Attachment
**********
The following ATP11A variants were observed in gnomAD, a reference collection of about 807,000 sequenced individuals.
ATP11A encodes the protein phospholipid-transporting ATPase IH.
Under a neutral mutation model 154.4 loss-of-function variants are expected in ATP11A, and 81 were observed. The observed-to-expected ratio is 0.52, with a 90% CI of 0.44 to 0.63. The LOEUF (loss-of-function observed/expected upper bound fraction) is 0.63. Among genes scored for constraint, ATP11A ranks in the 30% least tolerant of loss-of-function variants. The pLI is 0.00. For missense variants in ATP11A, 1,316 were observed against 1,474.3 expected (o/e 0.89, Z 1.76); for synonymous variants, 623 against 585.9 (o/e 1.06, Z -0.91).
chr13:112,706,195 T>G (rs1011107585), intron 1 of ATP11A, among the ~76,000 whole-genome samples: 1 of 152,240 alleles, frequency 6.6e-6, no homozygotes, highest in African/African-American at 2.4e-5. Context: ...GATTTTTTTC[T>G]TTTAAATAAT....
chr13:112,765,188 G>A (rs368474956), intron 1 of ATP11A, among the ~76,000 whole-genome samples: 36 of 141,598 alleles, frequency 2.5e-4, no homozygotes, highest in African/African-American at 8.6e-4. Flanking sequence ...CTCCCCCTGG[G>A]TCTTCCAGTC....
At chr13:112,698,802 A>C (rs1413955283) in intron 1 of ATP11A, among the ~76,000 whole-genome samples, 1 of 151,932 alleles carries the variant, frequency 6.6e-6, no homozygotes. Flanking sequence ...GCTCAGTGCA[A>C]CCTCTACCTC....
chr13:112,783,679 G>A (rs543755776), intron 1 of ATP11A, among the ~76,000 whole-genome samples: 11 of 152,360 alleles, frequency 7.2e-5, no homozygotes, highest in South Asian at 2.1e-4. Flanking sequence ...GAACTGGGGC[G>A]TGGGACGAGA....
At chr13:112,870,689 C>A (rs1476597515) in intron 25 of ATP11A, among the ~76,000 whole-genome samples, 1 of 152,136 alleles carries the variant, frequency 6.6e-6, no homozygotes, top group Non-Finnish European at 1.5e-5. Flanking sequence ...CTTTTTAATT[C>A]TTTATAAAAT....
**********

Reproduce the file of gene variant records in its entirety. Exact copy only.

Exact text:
The following ATP11A variants were observed in gnomAD, a reference collection of about 807,000 sequenced individuals.
ATP11A encodes the protein phospholipid-transporting ATPase IH.
Under a neutral mutation model 154.4 loss-of-function variants are expected in ATP11A, and 81 were observed. The observed-to-expected ratio is 0.52, with a 90% CI of 0.44 to 0.63. The LOEUF (loss-of-function observed/expected upper bound fraction) is 0.63. Among genes scored for constraint, ATP11A ranks in the 30% least tolerant of loss-of-function variants. The pLI is 0.00. For missense variants in ATP11A, 1,316 were observed against 1,474.3 expected (o/e 0.89, Z 1.76); for synonymous variants, 623 against 585.9 (o/e 1.06, Z -0.91).
chr13:112,706,195 T>G (rs1011107585), intron 1 of ATP11A, among the ~76,000 whole-genome samples: 1 of 152,240 alleles, frequency 6.6e-6, no homozygotes, highest in African/African-American at 2.4e-5. Context: ...GATTTTTTTC[T>G]TTTAAATAAT....
chr13:112,765,188 G>A (rs368474956), intron 1 of ATP11A, among the ~76,000 whole-genome samples: 36 of 141,598 alleles, frequency 2.5e-4, no homozygotes, highest in African/African-American at 8.6e-4. Flanking sequence ...CTCCCCCTGG[G>A]TCTTCCAGTC....
At chr13:112,698,802 A>C (rs1413955283) in intron 1 of ATP11A, among the ~76,000 whole-genome samples, 1 of 151,932 alleles carries the variant, frequency 6.6e-6, no homozygotes. Flanking sequence ...GCTCAGTGCA[A>C]CCTCTACCTC....
chr13:112,783,679 G>A (rs543755776), intron 1 of ATP11A, among the ~76,000 whole-genome samples: 11 of 152,360 alleles, frequency 7.2e-5, no homozygotes, highest in South Asian at 2.1e-4. Flanking sequence ...GAACTGGGGC[G>A]TGGGACGAGA....
At chr13:112,870,689 C>A (rs1476597515) in intron 25 of ATP11A, among the ~76,000 whole-genome samples, 1 of 152,136 alleles carries the variant, frequency 6.6e-6, no homozygotes, top group Non-Finnish European at 1.5e-5. Flanking sequence ...CTTTTTAATT[C>A]TTTATAAAAT....